As this happens, it should create another virtuous cycle as more added value in manufacturing will increase net exports thereby raising domestic savings. This, in turn, will improve government finances and ultimately reduce the cost of capital, affording the government fiscal room to support the manufacturing sector with better infrastructure and incentives.

We saw this policy consistency demonstrated in February’s Union Budget, which focused on capex growth and cuts in fiscal subsidies. It also increased the directed benefits for domestic manufacturing, strengthening supply-side reforms that raise the economy's long-term growth potential.

India’s increased resilience to higher oil prices

India is the world’s second-largest net importer of oil. If oil prices are sustained beyond US $100 per barrel for an extended period, it could potentially create negative cyclical pressures on the economy.

According to our estimates (see Chart 2), which assume higher average oil prices are sustained for a one-year period, every US $10 per barrel increase in the oil price widens the country’s current account deficit by roughly US $15 billion. We think that India’s overall balance of payments turns from surplus to deficit if crude moves beyond US $90 per barrel. The cyclical pressure of higher oil prices should transmit through the domestic economy via four channels:

1) A larger oil import bill will reduce national savings and widen the country’s current account deficit.

2) Increased domestic inflation and reduced policy room for the Reserve Bank of India to maintain an accommodative policy stance.

3) Lower real GDP growth in the short term as domestic consumption and capex adjusts to lower savings and/or increased cost of capital.

4) Higher raw material costs and lower volume growth for corporates; current earnings estimates will need to be adjusted lower.

Chart 2: Oil price macro impact estimates assuming average Brent prices over a one-year period (April 2022 to March 2023)6


Crude @80/bbl

Crude @100/bbl

Crude @120/bbl

Real GDP growth




Average inflation




Fiscal deficit (% of GDP)




Current account balance (% of GDP)




Balance of Payments (US $ bn)




Average Brent price  (US$/bbl)





While these cyclical challenges are significant, we should also understand why the Indian economy is currently more resilient to oil price shocks compared to the past. The resilience will ensure that the cyclical problems do not damage the long-term potential of the economy and maintain overall macro stability. We see three factors underpinning this important change.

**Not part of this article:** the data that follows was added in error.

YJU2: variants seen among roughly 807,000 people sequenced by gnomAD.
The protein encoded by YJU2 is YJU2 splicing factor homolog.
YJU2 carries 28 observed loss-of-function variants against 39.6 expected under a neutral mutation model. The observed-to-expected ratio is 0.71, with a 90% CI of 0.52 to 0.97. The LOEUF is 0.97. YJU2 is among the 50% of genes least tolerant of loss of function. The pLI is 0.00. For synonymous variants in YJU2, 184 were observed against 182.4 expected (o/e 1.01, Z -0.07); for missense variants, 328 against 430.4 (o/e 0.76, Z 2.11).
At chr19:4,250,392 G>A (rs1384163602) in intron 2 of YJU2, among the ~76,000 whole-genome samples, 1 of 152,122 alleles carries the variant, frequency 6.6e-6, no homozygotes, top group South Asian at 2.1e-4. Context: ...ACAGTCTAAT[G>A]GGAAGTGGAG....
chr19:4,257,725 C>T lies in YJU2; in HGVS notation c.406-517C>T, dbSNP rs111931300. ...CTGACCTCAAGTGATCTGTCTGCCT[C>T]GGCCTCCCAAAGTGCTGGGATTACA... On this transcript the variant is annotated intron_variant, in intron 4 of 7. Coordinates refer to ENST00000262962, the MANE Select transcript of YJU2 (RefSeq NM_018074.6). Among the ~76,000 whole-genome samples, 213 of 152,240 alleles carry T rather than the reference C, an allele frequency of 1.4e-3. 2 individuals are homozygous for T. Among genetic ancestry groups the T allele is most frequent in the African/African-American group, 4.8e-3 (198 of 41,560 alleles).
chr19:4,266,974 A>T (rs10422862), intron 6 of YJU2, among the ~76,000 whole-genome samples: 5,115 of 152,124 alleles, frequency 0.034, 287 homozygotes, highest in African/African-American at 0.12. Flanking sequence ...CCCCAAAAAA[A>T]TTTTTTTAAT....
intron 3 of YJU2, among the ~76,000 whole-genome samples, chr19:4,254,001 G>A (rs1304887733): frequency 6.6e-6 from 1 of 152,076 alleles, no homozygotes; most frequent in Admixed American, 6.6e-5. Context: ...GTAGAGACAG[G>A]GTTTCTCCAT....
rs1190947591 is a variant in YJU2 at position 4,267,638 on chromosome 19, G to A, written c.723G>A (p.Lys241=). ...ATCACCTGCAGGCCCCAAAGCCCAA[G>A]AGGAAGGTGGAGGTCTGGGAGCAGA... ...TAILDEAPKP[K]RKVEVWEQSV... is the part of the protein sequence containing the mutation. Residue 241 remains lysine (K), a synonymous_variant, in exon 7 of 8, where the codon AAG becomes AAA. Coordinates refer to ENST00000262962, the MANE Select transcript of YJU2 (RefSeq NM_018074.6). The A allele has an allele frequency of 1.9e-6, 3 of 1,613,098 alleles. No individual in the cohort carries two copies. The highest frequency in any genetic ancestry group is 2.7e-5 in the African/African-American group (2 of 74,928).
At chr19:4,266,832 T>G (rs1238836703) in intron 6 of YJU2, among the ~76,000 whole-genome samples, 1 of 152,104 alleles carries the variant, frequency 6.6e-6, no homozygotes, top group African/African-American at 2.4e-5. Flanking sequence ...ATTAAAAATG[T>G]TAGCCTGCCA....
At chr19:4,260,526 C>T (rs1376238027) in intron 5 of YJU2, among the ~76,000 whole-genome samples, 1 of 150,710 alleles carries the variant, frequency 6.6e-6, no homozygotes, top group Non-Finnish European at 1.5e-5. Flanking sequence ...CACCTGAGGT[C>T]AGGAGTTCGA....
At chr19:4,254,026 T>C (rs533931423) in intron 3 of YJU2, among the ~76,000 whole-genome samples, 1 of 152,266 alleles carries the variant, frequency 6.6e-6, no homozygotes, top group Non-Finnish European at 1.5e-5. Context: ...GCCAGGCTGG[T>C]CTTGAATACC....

1. Stable current account deficit and growing export-to-GDP ratio: India, due to a comprehensive policy agenda to improve domestic manufacturing, has boosted its global market share (particularly in electronics and chemicals) and improved its current account resilience over the last four years through growing exports as a percentage of GDP (see Chart 3 and 4).

Chart 3: Stable current account deficit amid increasing oil prices7

Chart 4: Increased export growth raising export-to-GDP level8

2. Manageable fiscal deficit: We expect the government to cut excise duty on fuel to soften the blow to consumers and contain the impact on real GDP growth. Even after absorbing 50% of the impact, we believe the overall deficit should align with the medium-term fiscal goals. While this may widen the fiscal deficit, it will still be within tolerable limits.

In our view, the recent budget’s tax estimates were quite conservative. We expect the actual fiscal deficit to be 50 basis points (bps) lower than budget estimates, primarily driven by better-than-budgeted Goods and Services Tax (GST) collection levels.

Chart 5: Fiscal Deficit-to-GDP9

* The two 2023 fiscal deficit to GDP estimates are based on Brent crude oil at US $100/barrel (first bar) and US $120/barrel (second bar) with 25% and 50% absorption, respectively, by the government over US$ 80/barrel.

3. Robust foreign exchange reserves and import cover: India’s foreign exchange reserves are at a near all-time high, driven by structural improvements in the current account and strong foreign portfolio and direct investment flows to participate in the country’s structural growth story. Current foreign exchange reserves’ import cover is much higher than FY12-14 (highlighted on Chart 6) when crude oil stayed consistently above US $100 per barrel. This should lend added stability to the rupee and potentially mute amplification of imported inflation.

Chart 6: Robust foreign exchange reserves and import cover10

Impact on industry views amid heightened geopolitical risks

Should the current geopolitical tensions and energy-market imbalances continue for an extended period, we expect to see cyclical pressure on India’s growth outlook in CY2022, given elevated energy prices and a higher external account.